02 February 2023

Paid Parental Leave Amendment

Ms Wells:  I can't begin to describe how empowering it is for families in my electorate of Lilley to finally have a government who recognises paid parental leave as the critical social and economic policy it is. Paid parental leave is a proud Labor legacy, introduced by the Gillard government in 2011. In 2011 this policy made history for mothers and fathers, their employers and their children. More than 10 years on, the Albanese government knows that paid parental leave is still vital for the health and wellbeing of parents and children. Simply put, it allows women to stay connected to their jobs. It allows fathers and partners to spend more time with their children and create a lasting bond. We know that investing in paid parental leave benefits our economy, and that gender equality and economic reform go hand in hand.

Modernising paid parental leave was one of the most frequent proposals raised at the Albanese government's Jobs and Skills Summit in September. Businesses, unions, experts and economists all agree that one of the best ways to boost productivity and participation is to provide more choice, more flexibility, more support for families and more opportunity for women. A decade since paid parental leave was introduced in this place, it is well past time to re-evaluate how fit for purpose the scheme is. The current scheme does not do enough to provide access to fathers and partners, and it limits flexibility for families to choose how they take leave and transition back to work. Flexibility is crucial for modern families functioning well in today's economy. The eligibility rules also make it unfair to families where mothers are the higher income earner. The Paid Parental Leave Amendment (Improvements for Families and Gender Equality) Bill 2022 introduces a range of important structural changes that many expectant mothers and fathers in my electorate of Lilley have been asking for for a very long time.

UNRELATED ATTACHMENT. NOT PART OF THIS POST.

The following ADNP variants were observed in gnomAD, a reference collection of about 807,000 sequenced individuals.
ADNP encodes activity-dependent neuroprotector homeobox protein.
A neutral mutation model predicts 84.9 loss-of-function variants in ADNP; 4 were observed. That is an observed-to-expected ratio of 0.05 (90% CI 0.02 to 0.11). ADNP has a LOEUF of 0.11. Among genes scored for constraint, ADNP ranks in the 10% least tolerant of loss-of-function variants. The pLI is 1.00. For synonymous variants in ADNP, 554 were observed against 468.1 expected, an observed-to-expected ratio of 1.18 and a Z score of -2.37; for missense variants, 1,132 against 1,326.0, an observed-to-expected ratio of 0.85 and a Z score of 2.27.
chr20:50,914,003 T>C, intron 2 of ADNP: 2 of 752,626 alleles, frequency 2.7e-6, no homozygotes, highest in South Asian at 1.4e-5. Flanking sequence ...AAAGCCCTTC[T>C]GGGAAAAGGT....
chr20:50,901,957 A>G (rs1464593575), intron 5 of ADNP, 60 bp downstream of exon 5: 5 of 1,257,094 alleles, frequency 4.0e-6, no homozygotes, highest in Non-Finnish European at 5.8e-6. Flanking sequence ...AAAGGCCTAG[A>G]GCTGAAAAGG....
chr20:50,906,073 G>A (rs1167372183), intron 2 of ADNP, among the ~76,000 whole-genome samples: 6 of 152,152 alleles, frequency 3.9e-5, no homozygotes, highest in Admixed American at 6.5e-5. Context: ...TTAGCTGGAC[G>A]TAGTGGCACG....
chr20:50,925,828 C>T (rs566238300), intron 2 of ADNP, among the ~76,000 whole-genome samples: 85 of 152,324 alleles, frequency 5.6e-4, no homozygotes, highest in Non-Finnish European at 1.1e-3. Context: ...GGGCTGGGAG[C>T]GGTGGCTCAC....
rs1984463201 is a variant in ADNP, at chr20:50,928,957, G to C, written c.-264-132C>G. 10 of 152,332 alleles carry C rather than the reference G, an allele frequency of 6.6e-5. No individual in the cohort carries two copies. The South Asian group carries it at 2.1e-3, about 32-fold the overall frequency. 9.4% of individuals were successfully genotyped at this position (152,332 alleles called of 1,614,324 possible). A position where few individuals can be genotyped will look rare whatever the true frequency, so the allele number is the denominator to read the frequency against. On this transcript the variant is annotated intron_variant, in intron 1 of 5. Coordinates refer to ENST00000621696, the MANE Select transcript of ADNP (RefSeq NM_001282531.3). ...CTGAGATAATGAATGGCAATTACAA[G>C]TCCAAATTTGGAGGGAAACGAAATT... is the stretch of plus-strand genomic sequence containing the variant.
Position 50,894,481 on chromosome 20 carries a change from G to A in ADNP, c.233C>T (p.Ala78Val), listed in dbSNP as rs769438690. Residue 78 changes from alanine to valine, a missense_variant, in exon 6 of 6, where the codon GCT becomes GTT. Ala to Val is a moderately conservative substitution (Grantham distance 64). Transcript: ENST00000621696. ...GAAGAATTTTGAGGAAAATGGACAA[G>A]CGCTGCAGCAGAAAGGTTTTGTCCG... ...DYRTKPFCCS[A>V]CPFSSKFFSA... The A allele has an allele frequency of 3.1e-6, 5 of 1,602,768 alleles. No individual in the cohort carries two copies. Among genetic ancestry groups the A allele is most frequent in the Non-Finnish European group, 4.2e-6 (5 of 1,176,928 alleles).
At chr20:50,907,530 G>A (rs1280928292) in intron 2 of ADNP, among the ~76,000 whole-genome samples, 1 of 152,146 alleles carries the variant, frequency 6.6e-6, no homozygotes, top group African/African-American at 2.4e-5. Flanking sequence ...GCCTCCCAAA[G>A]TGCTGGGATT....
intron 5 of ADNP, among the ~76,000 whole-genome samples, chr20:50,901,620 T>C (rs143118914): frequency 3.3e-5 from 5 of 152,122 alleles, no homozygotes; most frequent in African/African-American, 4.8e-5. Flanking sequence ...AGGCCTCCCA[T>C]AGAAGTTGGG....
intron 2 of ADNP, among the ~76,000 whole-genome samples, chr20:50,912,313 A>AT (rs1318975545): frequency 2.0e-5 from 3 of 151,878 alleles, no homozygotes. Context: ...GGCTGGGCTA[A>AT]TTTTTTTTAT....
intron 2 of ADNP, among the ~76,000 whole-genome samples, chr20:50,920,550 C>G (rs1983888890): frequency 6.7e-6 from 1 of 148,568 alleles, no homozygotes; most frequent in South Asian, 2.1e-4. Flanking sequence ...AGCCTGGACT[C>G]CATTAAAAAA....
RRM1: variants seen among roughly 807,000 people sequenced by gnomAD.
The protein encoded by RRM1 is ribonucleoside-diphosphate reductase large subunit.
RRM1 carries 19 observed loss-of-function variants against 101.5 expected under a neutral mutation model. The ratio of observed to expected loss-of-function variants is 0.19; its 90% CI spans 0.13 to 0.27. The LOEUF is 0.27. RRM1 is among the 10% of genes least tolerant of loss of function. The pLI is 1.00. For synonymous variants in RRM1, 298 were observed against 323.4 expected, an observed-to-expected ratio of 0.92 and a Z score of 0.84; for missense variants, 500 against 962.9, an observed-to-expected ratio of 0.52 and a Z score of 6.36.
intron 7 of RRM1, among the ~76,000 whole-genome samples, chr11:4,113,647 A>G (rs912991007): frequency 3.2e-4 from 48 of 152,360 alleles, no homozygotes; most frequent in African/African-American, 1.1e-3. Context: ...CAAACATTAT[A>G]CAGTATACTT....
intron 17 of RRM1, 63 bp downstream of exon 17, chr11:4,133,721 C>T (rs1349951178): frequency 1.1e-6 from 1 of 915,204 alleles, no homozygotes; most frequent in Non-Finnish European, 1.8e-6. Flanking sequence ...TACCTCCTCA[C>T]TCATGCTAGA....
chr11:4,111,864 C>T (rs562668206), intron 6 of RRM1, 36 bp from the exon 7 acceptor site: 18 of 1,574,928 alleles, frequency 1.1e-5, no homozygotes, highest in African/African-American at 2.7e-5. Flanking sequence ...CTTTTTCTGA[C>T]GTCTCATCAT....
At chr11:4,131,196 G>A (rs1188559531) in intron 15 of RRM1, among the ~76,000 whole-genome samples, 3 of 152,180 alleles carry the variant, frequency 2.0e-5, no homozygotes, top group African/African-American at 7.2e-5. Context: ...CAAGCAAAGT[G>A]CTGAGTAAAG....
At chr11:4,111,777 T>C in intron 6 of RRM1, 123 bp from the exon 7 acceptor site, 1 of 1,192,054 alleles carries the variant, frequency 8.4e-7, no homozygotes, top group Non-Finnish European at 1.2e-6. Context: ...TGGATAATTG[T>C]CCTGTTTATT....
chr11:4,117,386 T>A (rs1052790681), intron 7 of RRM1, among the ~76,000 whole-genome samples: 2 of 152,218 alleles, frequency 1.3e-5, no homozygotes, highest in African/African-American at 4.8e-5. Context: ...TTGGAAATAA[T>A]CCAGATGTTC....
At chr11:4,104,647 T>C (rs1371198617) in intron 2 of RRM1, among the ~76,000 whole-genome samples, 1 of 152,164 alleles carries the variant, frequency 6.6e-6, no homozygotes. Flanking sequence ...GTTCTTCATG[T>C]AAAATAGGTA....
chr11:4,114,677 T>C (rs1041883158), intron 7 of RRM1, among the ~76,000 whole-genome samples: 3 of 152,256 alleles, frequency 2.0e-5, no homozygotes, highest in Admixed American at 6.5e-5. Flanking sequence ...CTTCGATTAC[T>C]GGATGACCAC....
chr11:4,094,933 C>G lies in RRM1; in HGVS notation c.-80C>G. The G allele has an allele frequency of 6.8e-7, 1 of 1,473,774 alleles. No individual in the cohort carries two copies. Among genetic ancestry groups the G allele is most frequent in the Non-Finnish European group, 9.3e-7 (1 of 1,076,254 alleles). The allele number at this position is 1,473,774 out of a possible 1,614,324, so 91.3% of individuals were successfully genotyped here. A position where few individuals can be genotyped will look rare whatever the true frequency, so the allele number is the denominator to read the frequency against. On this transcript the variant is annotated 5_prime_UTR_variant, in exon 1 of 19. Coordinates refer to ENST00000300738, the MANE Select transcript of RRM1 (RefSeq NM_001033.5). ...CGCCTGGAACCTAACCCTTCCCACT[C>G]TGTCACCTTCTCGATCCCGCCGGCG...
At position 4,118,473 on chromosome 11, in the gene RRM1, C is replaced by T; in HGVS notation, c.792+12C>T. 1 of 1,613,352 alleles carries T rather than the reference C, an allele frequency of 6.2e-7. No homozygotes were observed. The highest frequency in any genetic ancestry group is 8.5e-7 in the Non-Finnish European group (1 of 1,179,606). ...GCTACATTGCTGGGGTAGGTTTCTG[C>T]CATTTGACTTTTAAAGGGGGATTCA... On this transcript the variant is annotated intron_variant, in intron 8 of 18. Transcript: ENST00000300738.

From 1 July this year, the Albanese government is delivering six key changes to modernise paid parental leave. This bill combines the two existing payments into one single 20-week scheme; reserves a portion of the scheme for each parent to support them both to take time off after a birth or adoption; makes it easier for both parents to access the payment by removing the notion of primary and secondary carers; expands access by introducing a $350,000 family income test, under which people can qualify if they do not meet the $156,647 individual income test, which increases flexibility for parents to choose how they take paid parental leave days and transition back to work; and allows eligible fathers and partners to access the payment irrespective of whether the mother or the birth parents meet the income test or residency requirements.

Nationally, 181,000 families will benefit from the changes in this bill, including around 4,300 parents who will gain access who would have been ineligible under the current scheme. With 2,206 families in Lilley receiving paid parental leave in the last year, I know that these changes will be very welcome to the north side of Brisbane.